Greeley has served as chair of the “Planning and Capacity Subcommittee of the Advisory Council on School Facilities and Capital Programs” and as treasurer of the Randolph Elementary School PTA, among other volunteer positions with school organizations.
The 49-year-old Democrat has already received endorsements from state Sen. Adam Ebbin (D-30) and Del. Patrick Hope (D-47) and is prepping for a door-knocking campaign before the Democratic caucus in May. Greeley, a federal government contractor and project manager, is primarily focused on capacity and facility issues — building and renovating schools to keep up with Arlington’s burgeoning student population — since it’s where he thinks the School Board needs the most improvement.
“I want us to make better decisions about how to deal with the capacity crunch,” he told ARLnow.com this morning. “The tipping point [in my decision to run] was last summer when the North Arlington elementary schools were dealing with boundary changes. It was really a painful public process.”
As a member of the capacity subcommittee, and the boundary liaison to Nottingham Elementary School during the process, he said he kept seeing reasons to run for the Board.
“As I got more involved in the facilities,” he said, “I saw more things I wanted to change.”
Greeley has never run for office before, but he has experience in helping change happen. He served four years in the Air Force — which he called “a great experience” — before applying for discharge because, as he put it, “I was too out to stay in.”
“I’ve always wanted to lead the life I wanted to live,” he said. He explained that that’s why, in 2002, he adopted his first son, Kolya, from the Ukraine as an 18 month old. “I hit my mid-30s and decided I wanted to have a family.”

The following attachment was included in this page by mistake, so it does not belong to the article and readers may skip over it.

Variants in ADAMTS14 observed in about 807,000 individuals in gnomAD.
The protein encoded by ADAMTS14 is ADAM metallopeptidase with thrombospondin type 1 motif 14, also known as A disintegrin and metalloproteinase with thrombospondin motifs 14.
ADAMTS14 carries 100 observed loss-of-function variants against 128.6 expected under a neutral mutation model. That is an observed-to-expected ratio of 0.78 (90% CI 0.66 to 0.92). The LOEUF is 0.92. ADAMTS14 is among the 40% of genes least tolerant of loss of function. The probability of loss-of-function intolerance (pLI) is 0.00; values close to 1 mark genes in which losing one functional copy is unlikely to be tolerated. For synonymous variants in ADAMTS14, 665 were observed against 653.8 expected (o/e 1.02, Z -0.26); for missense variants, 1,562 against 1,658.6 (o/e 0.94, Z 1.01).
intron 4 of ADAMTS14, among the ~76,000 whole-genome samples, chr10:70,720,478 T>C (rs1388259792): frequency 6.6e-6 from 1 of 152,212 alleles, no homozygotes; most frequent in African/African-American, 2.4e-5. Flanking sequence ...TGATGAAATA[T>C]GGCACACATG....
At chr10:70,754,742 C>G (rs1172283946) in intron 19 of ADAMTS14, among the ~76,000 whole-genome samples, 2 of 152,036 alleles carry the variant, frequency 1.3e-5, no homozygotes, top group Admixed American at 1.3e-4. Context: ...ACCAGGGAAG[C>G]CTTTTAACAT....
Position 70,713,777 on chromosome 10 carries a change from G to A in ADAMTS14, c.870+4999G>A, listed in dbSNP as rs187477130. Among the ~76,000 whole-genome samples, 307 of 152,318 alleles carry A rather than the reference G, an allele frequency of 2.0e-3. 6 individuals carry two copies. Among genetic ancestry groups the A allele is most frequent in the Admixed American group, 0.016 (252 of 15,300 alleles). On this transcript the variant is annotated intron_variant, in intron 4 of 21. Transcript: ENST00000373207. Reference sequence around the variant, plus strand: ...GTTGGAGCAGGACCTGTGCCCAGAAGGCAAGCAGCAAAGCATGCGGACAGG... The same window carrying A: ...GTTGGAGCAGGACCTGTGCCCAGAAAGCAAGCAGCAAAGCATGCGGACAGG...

Greeley doesn’t worry about convincing voters that he’s a capable, qualified School Board candidate despite his status as a gay single parent.
“That’s why I like living here,” he said. “People here are open and accepting. It wasn’t always this way. There was lots of pushback in the late 1980s and early 1990s, and we weren’t welcome in the political scene. Now we’re just part of the community.”
Greeley started fostering children a few years ago, hoping to find Kolya — now a student at Thomas Jefferson Middle School — a younger brother. That’s how he wound up with Ismael, a 17-year-old foster child from El Salvador, in 2010. Ismael now studies engineering at Northern Virginia Community College and, in July, Greeley legally adopted him before Ismael’s 21st birthday.
Ismael spent his senior year of high school at T.C. Williams High School in Alexandria, which showed Greeley the way schools write off English language learners.
(Ismael was still an Alexandria foster child and thus eligible to continue attending T.C. Williams, despite the fact that Greeley lives in Arlington.)
“They gave him his schedule without talking to him and placed him in remedial algebra and auto shop,” Greeley said. “I had only had him for a few months, but I asked him if that’s what he wanted and he said no. I would be disappointed to see if we did the same thing here.”
If elected, Greeley wants the School Board to develop a long-term master plan for facilities; to improve the offerings and accessibility of Arlington Public Schools’ special education and English Language Learner programs; and to ensure advanced students in STEM fields (science, technology, engineering and math) can continue to attend Thomas Jefferson High School in Fairfax County.
“We should do a good job for all our kids,” he said. “From the most challenged to the most advanced. I’ve seen our special education and ELL program and I know what it’s like in the work world to manage a budget and manage a staff. That helps round out who we want on the School Board.”
Greeley currently faces two other candidates vying for the Democratic endorsement in the race, Barbara Kanninen and Nancy Van Doren. The Democratic endorsement caucus is scheduled for May 15 and 17.